Quieter than normal. No nesting birds.

Great Egret emerging from under the walkway.

I was sitting in a motorized unit when another Snowy Egret landed on the rail right beside me. He then proceeded to walk down the rail with those yellow feet.

On rail right beside me.

Look at that concentration!

Snowy has something in sight.

Showing off those feet. Has a good grip on the rail.

“For You have delivered my soul from death. Have You not kept my feet from falling, That I may walk before God In the light of the living?” (Psalms 56:13 NKJV)

What the Snowy had in sight was an alligator, of which he flew off to check out. By then, “feet” were fascinating me, and I was watching how well those feet stayed planted on the gator’s back as he walked up and down it.

Heading for a ride.

Landed on the other one.

Zoomed in a bit

Steady as he goes!

Well balanced!

“Unless the LORD had been my help, My soul would soon have settled in silence. If I say, “My foot slips,” Your mercy, O LORD, will hold me up. In the multitude of my anxieties within me, Your comforts delight my soul.” (Psalms 94:17-19 NKJV)

Catching a ride.

Feet holding fast!

Feet holding fast!

“But He knows the way that I take; When He has tested me, I shall come forth as gold. My foot has held fast to His steps; I have kept His way and not turned aside.” (Job 23:10-11 NKJV)

I trust you have enjoyed this part of our visit to Gatorland. There are still more sights to see, so, STAY TUNED!

  1. Flamingo Filtering at Gatorland – 12/30/20
  2. Gator Tail Anyone?
  3. Our Gatorland Welcome 12-30-20

Gideon

Just Some Reviews of Several Previous Posts

Two Deer At Shi Shi Beach ©WikiC

While I am continuing to move articles from Birds of the Bible for Kids site to this one, I come across previous post, that were just delightful. Many of you enjoyed them as well. Just thought you might like a look back at a few of them:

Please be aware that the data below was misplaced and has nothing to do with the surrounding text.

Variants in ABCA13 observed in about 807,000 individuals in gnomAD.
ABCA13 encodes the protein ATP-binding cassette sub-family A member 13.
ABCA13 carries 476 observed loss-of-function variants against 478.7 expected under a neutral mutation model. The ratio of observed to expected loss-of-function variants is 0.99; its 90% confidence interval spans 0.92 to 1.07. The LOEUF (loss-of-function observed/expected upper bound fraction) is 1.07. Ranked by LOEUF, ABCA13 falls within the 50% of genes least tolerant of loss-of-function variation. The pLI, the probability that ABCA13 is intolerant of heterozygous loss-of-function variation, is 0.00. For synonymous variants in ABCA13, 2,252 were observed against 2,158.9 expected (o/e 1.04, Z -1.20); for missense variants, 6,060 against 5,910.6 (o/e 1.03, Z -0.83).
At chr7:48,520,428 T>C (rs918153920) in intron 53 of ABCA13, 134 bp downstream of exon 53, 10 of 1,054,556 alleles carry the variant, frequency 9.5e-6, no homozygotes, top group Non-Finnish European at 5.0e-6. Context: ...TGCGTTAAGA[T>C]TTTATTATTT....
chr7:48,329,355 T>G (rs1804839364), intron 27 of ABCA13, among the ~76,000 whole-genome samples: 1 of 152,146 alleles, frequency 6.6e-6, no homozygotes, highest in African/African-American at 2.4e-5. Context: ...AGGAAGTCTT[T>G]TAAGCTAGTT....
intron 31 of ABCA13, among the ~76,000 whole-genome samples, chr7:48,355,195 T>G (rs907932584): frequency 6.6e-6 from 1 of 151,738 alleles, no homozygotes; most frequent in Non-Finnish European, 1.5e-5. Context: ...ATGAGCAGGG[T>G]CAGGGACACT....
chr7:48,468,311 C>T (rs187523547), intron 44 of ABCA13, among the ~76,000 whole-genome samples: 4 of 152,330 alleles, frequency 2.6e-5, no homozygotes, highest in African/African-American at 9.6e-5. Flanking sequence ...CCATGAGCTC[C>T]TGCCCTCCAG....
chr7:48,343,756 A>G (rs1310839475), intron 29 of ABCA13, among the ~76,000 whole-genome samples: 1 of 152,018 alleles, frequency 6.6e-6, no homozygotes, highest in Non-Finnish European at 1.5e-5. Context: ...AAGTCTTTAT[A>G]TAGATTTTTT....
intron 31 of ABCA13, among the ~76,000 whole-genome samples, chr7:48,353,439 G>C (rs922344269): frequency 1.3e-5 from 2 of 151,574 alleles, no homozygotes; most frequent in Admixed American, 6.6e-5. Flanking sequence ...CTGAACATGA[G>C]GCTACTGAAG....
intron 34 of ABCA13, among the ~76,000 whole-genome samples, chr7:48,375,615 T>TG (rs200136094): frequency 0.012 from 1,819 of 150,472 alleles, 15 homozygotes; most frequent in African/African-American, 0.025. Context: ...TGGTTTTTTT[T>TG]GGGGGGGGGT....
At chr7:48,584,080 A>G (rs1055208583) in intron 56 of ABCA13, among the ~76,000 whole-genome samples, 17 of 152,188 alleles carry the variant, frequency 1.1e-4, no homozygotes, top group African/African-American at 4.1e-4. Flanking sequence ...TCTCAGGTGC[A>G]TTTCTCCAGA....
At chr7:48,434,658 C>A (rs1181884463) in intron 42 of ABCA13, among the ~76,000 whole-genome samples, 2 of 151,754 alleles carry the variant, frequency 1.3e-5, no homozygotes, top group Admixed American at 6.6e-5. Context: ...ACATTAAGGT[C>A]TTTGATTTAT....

A Curious, Leeping or Panting Deer?

This has two videos of deer running and bounding in water. Take a look!

Black-Crowned Night Heron at S Lk Howard

Black-Crowned Night Heron at S Lk Howard

Also, here are a couple of videos of resourceful Heron at work:

Black-Crowned Heron Fishing With Patience and Bread

and a

Green Heron Fishing With Bread

*

Wordless Birds

Spectacular Journey to Africa by Honey Buzzard

What an amazing story!! This is from the BirdGuides.Com

…..

A young European Honey Buzzard, satellite tagged by the Roy Dennis Foundation at a nest near Forres, Scotland, in mid-August, has already reached the African continent – albeit via a remarkably risky route that included two long sea crossings.

The bird, ‘620’, was tagged on 11 August and remained in the vicinity of her natal woodland until early September. Her first significant flight came on 11 September, when she moved 50 km to the east, aided by a stiff breeze.

“Doth the hawk (or buzzard) fly by thy wisdom, and stretch her wings toward the south?” (Job 39:26 KJV)

Young European Honey Buzzards, such as this one, often end up taking more convoluted migrations south in their first autumn than the more experienced adults (Per Schans Christensen).

However, this could have given no clues for the extraordinary events that took place on 12-13 September. Clear skies and a brisk westerly wind on the morning of 12th encouraged the young honey buzzard to continue her eastward journey, although the Aberdeenshire coast seemingly provided no deterrant – she continued out to sea just north of Aberdeen at around 11.20 am, with the next GPS position logging her at an altitude of 477 m some 57 km out to sea, south-east of the Scottish city.

She continued on an easterly trajectory and, as darkness fell, she was only half-way across the North Sea. Flying through the night, the next tag fix at 2.34 am placed her a further 282 km east of the previous evening’s reading. By 6.30 am, she reached the Danish coast safely, having made a 640-km sea crossing in a non-stop 19-hour flight, largely during the hours of darkness – hugely impressive given it was the bird’s first long-distance movement since fledging the nest.